In some circles, no genre holds more disdain than death metal with its themes and images of brutality and horror. Seldom do those unacquainted with the genre think of the differences between death and black metal, and Loveland’s Tierkrieger thrives on blending the two genres all in an effort to create something truly brutal.
Originally named Mortuary Whore, Tierkrieger was summoned in 2013 by guitarist Red and drummer Horn, who have been playing metal for over 20 years with various acts and musicians. Throughout the years, musicians have come and gone under various band names before the two stumbled upon guitarists Matt and bassist Zach, each preferred to go by their first name.
It was the same day that Red and Horn posted an ad on Craigslist looking for a guitarist that Matt posted an ad as a guitarist looking for a band. It seemed fate had spoken, and a year later bassist Zach joined the band. In 2014 the group began playing live shows.
“I think this is the best lineup we’ve ever had,” Red said. “It’s certainly the best I’ve ever played with in years.”
Red and Horn are no strangers when it comes to the metal scene, as both have been avid death metal fans since the time the genre started. In 1994, Red played his first show in a metal band, the same year that Matt was born.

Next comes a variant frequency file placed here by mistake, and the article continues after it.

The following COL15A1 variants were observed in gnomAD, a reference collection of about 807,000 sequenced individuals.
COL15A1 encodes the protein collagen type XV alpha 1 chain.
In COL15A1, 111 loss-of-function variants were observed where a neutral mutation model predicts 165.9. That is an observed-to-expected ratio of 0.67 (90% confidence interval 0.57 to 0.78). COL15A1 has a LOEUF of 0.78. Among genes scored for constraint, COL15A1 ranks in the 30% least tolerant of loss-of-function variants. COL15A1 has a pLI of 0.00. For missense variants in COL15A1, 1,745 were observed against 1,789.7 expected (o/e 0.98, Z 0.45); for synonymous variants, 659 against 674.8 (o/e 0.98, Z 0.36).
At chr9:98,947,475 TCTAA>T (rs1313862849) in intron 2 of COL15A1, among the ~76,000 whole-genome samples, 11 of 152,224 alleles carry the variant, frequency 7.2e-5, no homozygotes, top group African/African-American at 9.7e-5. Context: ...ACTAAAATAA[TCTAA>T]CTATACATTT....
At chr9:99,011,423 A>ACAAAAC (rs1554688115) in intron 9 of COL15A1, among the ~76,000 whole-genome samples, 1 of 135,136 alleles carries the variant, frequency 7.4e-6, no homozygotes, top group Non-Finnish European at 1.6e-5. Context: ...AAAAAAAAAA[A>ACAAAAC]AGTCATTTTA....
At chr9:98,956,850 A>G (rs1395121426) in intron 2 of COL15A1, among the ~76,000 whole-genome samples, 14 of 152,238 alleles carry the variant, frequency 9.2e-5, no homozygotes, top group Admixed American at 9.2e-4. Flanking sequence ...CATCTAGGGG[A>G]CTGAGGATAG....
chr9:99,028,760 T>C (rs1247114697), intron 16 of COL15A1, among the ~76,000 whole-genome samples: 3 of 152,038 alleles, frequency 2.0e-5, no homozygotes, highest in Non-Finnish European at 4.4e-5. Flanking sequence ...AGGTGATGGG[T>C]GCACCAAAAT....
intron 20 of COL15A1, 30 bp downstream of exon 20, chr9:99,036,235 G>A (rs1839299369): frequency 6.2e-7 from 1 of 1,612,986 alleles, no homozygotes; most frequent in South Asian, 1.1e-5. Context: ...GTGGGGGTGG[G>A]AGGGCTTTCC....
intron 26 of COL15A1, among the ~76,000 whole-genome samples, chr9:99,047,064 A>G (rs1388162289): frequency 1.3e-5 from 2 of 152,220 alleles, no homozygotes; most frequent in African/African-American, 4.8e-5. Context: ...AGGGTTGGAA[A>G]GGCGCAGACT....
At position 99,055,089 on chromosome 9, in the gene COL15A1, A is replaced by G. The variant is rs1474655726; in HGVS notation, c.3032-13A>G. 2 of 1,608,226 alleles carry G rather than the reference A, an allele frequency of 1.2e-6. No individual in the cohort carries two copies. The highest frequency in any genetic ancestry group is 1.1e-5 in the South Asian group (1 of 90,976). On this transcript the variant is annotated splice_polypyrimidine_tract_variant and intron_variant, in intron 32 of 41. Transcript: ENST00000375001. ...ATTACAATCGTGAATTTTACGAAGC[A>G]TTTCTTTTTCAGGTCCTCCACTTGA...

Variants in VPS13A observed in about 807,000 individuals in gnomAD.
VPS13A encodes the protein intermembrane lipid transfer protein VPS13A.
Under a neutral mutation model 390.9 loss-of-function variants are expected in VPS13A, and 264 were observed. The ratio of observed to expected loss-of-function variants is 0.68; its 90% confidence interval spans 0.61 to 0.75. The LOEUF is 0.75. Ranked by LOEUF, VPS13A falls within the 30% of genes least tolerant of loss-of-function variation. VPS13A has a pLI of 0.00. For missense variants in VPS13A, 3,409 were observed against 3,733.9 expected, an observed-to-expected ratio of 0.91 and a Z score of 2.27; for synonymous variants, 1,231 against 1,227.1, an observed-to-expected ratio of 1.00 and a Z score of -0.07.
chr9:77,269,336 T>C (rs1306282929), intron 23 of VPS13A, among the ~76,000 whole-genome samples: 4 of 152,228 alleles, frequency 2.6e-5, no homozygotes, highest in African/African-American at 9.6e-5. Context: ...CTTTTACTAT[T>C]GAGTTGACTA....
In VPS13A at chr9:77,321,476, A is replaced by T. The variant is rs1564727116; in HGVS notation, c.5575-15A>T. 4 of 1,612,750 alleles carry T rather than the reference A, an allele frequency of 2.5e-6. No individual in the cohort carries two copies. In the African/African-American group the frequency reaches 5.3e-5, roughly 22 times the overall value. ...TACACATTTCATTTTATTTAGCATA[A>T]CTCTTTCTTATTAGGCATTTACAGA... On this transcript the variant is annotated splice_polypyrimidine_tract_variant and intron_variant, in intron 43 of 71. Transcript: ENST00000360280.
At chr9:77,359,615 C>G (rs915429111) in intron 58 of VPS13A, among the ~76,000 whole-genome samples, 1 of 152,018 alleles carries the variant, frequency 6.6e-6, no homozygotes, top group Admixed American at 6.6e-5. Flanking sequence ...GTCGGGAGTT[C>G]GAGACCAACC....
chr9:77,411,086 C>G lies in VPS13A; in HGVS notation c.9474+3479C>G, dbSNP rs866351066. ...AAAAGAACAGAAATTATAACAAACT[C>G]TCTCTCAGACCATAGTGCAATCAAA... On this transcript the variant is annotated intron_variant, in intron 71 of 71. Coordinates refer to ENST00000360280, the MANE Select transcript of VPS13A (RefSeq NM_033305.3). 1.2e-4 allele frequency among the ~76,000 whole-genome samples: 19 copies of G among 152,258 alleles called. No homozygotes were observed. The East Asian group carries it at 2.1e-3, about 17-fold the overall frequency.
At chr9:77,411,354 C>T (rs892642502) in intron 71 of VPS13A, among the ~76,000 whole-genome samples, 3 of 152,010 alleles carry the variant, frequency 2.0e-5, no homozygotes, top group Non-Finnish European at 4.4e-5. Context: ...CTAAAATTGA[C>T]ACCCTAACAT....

“It seems that the old guys get older and they start dropping out of the music scene so we knew we needed some new blood,” Red said.
While Matt’s talents are used as the main vocalist and lead guitarist, he and Red usually uphold the responsibility for songwriting. It is a process where Matt’s past of jazz playing in high school comes in handy as both genres are similar in their lack of defined rules or structure.
“It’s one of the only kinds of music you can literally do whatever you want,” Matt said. “There are essentially no limits because if you can physically play it, you can manifest it.”
This characteristic of metal has largely given way to Tierkrieger’s take on the genre as the band is a mix of black and death metal, two genres whose fans sometimes have resentment toward one another. This type of duality is present through their playing as well as their namesake coming from Norse tradition, as it means animal warrior.
“Animal warrior is a duality and I try to combine the old with the new, the black with the death,” Red said. “There’s always going to be a duality with what we do.”
When it comes to combining both genres, Tierkrieger’s process goes far beyond just weaving genre conventions into one another. To tastefully combine the two, it takes a good portion of music theory and knowhow.
“We try to have riffs that hit heavy but have more melodic kind of harmonies that add the flair of black metal into the mix,” Matt said.
Yet despite all the freedoms of the genre, there is one thing that still remains and that is the unholy trinity.
“As long as you got woodpecker drumming, ‘Jaws’ riffs and Cookie Monster vocals then you’re good,” Red said.
The kind of playing Tierkrieger excels in is high in intensity and brutal in its execution, the mark of any good metal band worth their salt.